In the long ago I was a RADAR tech working on F-4J and F-4S fighters. One of the primary deployments we went on every 18 months was a 6 month stint in Iwakuni, Japan. There are always a couple of fighter squadrons in Iwakuni. Nowadays, those are F-18 squadrons.
Fighter squadrons are an interesting unit because the enlisted man fix the aircraft and the officers fly them into combat. And even when it's not combat, it's dangerous work. Those aircraft operate at the edge of human design and human performance limits. We would fix the planes, then suit them up, strap them in, and watch them go. Every time they landed safely was a good day.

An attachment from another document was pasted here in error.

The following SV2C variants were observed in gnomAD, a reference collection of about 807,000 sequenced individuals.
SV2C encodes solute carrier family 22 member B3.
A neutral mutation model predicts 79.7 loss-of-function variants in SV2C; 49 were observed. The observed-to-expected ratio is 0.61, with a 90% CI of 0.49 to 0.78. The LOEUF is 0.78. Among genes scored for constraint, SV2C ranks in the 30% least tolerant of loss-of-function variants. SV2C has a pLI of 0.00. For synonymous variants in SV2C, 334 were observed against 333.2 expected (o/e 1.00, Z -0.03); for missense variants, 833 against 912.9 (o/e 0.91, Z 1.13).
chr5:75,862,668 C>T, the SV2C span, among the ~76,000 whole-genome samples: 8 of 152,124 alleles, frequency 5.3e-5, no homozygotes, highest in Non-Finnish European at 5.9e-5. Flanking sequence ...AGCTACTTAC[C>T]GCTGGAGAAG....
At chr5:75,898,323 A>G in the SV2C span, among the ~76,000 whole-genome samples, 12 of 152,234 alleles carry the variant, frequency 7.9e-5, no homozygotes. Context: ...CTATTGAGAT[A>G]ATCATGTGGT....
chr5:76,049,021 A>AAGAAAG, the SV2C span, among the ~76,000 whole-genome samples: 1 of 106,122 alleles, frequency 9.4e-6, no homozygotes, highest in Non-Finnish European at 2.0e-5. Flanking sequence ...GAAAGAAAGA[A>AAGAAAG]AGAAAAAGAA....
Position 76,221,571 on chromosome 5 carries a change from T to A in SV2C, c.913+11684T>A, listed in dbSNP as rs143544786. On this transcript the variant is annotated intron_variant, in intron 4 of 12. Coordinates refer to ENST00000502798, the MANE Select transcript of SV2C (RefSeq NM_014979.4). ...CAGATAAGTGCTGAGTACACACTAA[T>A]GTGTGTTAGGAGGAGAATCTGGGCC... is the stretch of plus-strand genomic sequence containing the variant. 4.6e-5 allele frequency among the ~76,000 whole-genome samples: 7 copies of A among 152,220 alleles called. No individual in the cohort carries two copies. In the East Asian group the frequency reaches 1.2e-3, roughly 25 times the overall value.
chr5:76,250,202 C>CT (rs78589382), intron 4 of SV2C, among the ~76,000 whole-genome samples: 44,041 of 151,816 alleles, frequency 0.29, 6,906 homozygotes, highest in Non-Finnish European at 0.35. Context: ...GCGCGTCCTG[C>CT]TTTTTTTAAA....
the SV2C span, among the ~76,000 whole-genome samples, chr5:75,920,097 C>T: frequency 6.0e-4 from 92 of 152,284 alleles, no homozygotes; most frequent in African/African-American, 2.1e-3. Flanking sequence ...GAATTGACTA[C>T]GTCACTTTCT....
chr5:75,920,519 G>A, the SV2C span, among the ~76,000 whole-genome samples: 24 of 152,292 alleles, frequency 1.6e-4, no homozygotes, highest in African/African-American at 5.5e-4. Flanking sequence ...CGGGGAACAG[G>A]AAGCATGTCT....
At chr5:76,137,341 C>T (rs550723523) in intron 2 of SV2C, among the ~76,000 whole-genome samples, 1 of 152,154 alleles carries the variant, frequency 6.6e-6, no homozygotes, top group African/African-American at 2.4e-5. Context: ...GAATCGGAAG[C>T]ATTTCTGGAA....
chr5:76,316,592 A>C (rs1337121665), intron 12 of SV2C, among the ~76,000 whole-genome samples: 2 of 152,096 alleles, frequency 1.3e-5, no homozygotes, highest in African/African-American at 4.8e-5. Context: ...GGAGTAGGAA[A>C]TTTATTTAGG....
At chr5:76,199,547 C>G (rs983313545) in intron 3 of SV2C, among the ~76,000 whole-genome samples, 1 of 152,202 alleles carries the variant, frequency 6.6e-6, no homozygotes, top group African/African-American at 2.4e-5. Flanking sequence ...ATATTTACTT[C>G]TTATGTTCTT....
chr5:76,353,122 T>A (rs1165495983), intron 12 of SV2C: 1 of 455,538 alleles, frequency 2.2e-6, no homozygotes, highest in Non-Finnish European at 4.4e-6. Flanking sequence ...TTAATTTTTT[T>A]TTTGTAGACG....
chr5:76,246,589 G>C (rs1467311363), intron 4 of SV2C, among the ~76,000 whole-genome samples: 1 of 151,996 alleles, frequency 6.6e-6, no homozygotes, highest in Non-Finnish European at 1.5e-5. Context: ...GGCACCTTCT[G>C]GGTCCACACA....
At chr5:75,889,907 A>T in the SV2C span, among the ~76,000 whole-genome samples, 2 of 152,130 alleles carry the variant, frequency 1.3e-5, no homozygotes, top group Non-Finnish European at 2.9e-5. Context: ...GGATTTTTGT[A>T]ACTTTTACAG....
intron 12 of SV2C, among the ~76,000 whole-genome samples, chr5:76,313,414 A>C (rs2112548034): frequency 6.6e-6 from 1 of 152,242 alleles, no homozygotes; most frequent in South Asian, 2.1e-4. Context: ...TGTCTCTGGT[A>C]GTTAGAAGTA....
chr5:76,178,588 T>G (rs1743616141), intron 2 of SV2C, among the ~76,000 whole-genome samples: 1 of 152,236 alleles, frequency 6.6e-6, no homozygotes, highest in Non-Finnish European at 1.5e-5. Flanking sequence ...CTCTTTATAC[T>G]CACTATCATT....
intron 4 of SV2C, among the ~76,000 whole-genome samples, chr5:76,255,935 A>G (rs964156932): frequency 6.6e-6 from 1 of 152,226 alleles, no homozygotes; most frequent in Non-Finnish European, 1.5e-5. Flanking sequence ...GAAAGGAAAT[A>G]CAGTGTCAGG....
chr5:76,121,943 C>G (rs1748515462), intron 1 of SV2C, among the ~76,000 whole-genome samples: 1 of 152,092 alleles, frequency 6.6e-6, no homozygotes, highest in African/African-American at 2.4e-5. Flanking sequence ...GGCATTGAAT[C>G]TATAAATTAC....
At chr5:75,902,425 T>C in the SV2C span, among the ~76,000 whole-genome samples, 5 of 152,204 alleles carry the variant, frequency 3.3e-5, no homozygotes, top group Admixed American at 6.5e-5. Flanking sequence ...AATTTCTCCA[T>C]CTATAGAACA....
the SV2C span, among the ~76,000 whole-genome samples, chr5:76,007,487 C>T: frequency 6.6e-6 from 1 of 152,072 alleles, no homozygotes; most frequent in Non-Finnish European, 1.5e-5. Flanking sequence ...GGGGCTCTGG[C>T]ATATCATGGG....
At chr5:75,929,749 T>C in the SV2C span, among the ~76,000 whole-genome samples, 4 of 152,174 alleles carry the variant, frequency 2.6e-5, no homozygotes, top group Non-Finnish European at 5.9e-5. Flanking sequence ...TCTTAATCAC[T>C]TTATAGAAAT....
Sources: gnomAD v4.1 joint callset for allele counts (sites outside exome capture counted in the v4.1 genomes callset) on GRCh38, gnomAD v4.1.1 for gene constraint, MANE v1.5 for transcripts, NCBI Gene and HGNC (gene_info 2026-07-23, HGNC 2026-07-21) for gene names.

Yesterday, an F-18 stationed in Iwakuni collided with a KC-130 refueling tanker and both aircraft went down in the Sea of Japan. As I write this, two survivors have been located and rescued. While the articles aren't saying it yet, I can assume that the survivors are the aircrew of the F-18. They would have had the opportunity to eject.
I expect the aircrew of the KC-130 did not survive. Whatever damage they incurred, the crew would have been trapped in the aircraft as it crashed in the water.
This is what that refueling evolution looks like from the fighter on a clear day in good visibility. Practicing this at night in scattered clouds would make it much more difficult and dangerous.